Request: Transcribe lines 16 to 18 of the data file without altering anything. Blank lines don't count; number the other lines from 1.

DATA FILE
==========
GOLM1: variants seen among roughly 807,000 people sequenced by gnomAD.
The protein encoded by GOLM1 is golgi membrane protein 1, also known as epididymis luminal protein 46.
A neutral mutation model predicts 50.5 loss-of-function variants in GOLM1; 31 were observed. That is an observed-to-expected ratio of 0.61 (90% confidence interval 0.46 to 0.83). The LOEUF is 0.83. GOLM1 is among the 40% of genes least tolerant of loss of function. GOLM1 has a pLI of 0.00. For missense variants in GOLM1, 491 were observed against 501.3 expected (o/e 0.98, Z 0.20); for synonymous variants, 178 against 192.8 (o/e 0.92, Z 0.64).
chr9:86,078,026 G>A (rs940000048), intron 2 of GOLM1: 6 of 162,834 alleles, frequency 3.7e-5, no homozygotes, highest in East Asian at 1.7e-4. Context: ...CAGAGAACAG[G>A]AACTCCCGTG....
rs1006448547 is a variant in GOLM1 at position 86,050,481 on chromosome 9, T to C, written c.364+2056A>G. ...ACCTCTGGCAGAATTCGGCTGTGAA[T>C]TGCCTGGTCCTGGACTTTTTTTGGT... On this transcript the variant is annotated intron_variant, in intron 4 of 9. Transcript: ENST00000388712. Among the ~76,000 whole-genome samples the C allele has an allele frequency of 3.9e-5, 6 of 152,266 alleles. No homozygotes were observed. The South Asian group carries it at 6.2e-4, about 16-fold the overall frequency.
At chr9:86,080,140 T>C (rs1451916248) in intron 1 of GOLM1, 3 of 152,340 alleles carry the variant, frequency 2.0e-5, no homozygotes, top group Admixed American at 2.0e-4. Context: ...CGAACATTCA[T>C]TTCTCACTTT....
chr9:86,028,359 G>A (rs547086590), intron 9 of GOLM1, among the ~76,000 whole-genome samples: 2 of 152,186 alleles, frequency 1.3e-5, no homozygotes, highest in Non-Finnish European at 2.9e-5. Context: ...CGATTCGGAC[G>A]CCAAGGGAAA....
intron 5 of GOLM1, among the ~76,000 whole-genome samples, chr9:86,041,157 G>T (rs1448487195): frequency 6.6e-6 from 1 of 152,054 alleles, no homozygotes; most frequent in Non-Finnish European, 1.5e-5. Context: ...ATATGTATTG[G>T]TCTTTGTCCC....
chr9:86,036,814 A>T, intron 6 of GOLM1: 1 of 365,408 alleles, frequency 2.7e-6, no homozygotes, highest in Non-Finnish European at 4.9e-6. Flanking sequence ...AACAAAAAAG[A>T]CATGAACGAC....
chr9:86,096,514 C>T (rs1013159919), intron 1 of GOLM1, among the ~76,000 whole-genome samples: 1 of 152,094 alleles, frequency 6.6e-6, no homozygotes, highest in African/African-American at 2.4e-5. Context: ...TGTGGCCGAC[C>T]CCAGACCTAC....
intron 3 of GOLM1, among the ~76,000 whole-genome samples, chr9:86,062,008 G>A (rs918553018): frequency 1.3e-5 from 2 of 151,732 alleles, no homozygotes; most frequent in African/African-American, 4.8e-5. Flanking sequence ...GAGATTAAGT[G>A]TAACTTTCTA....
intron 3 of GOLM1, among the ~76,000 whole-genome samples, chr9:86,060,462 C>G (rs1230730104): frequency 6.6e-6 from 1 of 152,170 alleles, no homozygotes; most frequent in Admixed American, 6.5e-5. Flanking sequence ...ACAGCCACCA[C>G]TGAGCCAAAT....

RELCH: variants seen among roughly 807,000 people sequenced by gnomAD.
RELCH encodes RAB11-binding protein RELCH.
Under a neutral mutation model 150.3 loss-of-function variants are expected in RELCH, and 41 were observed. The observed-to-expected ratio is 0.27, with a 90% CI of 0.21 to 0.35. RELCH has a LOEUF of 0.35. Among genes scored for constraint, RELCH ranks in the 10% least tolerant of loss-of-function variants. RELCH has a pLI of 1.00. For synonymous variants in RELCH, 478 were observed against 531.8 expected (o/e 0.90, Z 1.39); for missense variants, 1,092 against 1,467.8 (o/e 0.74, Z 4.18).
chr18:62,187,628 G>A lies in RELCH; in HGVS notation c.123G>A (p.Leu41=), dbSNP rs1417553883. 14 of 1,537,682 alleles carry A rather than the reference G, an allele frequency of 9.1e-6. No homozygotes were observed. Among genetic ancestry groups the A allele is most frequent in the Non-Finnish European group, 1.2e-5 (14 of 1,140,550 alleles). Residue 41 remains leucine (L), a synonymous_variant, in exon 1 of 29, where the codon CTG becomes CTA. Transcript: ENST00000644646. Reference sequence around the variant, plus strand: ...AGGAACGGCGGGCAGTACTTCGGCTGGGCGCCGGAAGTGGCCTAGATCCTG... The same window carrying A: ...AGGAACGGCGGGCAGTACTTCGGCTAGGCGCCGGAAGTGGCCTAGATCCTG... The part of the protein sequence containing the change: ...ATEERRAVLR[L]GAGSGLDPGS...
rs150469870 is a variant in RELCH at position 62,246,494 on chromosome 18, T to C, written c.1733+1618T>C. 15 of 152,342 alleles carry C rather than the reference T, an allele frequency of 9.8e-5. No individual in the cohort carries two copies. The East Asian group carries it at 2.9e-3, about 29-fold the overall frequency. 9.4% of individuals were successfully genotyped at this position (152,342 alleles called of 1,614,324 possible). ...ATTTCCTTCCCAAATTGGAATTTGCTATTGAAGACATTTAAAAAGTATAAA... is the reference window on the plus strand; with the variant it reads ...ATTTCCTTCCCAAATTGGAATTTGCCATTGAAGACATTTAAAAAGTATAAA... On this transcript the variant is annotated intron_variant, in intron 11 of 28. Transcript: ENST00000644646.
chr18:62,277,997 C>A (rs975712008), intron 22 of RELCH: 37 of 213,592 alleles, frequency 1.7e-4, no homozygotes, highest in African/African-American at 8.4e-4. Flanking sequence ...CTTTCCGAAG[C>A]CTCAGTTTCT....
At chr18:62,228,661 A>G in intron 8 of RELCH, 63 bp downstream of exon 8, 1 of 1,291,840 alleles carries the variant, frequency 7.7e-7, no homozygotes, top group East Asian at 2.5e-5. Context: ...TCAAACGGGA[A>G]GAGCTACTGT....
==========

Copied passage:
chr18:62,187,628 G>A lies in RELCH; in HGVS notation c.123G>A (p.Leu41=), dbSNP rs1417553883. 14 of 1,537,682 alleles carry A rather than the reference G, an allele frequency of 9.1e-6. No homozygotes were observed. Among genetic ancestry groups the A allele is most frequent in the Non-Finnish European group, 1.2e-5 (14 of 1,140,550 alleles). Residue 41 remains leucine (L), a synonymous_variant, in exon 1 of 29, where the codon CTG becomes CTA. Transcript: ENST00000644646. Reference sequence around the variant, plus strand: ...AGGAACGGCGGGCAGTACTTCGGCTGGGCGCCGGAAGTGGCCTAGATCCTG... The same window carrying A: ...AGGAACGGCGGGCAGTACTTCGGCTAGGCGCCGGAAGTGGCCTAGATCCTG... The part of the protein sequence containing the change: ...ATEERRAVLR[L]GAGSGLDPGS...
rs150469870 is a variant in RELCH at position 62,246,494 on chromosome 18, T to C, written c.1733+1618T>C. 15 of 152,342 alleles carry C rather than the reference T, an allele frequency of 9.8e-5. No individual in the cohort carries two copies. The East Asian group carries it at 2.9e-3, about 29-fold the overall frequency. 9.4% of individuals were successfully genotyped at this position (152,342 alleles called of 1,614,324 possible). ...ATTTCCTTCCCAAATTGGAATTTGCTATTGAAGACATTTAAAAAGTATAAA... is the reference window on the plus strand; with the variant it reads ...ATTTCCTTCCCAAATTGGAATTTGCCATTGAAGACATTTAAAAAGTATAAA... On this transcript the variant is annotated intron_variant, in intron 11 of 28. Transcript: ENST00000644646.
chr18:62,277,997 C>A (rs975712008), intron 22 of RELCH: 37 of 213,592 alleles, frequency 1.7e-4, no homozygotes, highest in African/African-American at 8.4e-4. Flanking sequence ...CTTTCCGAAG[C>A]CTCAGTTTCT....